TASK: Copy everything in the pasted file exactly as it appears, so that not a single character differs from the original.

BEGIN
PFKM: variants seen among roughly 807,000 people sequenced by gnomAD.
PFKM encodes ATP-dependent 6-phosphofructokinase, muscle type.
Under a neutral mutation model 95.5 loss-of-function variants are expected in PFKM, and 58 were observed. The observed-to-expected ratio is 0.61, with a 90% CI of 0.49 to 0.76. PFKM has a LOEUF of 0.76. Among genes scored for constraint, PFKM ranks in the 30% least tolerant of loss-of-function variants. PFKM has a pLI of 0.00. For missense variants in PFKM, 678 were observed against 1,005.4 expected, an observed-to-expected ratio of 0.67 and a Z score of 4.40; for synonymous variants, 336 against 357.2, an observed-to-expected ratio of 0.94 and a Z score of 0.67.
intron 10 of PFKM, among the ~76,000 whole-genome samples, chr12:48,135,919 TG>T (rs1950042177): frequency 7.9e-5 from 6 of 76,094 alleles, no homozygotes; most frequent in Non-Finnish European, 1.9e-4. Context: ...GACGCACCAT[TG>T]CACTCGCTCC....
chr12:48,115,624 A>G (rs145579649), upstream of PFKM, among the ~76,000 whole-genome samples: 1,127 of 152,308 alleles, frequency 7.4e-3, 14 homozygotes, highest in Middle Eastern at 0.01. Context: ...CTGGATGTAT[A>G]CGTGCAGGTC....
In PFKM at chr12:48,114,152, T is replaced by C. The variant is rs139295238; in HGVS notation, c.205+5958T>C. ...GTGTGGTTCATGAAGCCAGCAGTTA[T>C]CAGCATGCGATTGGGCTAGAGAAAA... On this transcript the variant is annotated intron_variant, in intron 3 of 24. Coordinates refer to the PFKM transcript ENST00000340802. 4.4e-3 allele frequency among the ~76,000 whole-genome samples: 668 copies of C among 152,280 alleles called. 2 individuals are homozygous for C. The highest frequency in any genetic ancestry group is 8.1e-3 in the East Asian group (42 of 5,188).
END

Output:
PFKM: variants seen among roughly 807,000 people sequenced by gnomAD.
PFKM encodes ATP-dependent 6-phosphofructokinase, muscle type.
Under a neutral mutation model 95.5 loss-of-function variants are expected in PFKM, and 58 were observed. The observed-to-expected ratio is 0.61, with a 90% CI of 0.49 to 0.76. PFKM has a LOEUF of 0.76. Among genes scored for constraint, PFKM ranks in the 30% least tolerant of loss-of-function variants. PFKM has a pLI of 0.00. For missense variants in PFKM, 678 were observed against 1,005.4 expected, an observed-to-expected ratio of 0.67 and a Z score of 4.40; for synonymous variants, 336 against 357.2, an observed-to-expected ratio of 0.94 and a Z score of 0.67.
intron 10 of PFKM, among the ~76,000 whole-genome samples, chr12:48,135,919 TG>T (rs1950042177): frequency 7.9e-5 from 6 of 76,094 alleles, no homozygotes; most frequent in Non-Finnish European, 1.9e-4. Context: ...GACGCACCAT[TG>T]CACTCGCTCC....
chr12:48,115,624 A>G (rs145579649), upstream of PFKM, among the ~76,000 whole-genome samples: 1,127 of 152,308 alleles, frequency 7.4e-3, 14 homozygotes, highest in Middle Eastern at 0.01. Context: ...CTGGATGTAT[A>G]CGTGCAGGTC....
In PFKM at chr12:48,114,152, T is replaced by C. The variant is rs139295238; in HGVS notation, c.205+5958T>C. ...GTGTGGTTCATGAAGCCAGCAGTTA[T>C]CAGCATGCGATTGGGCTAGAGAAAA... On this transcript the variant is annotated intron_variant, in intron 3 of 24. Coordinates refer to the PFKM transcript ENST00000340802. 4.4e-3 allele frequency among the ~76,000 whole-genome samples: 668 copies of C among 152,280 alleles called. 2 individuals are homozygous for C. The highest frequency in any genetic ancestry group is 8.1e-3 in the East Asian group (42 of 5,188).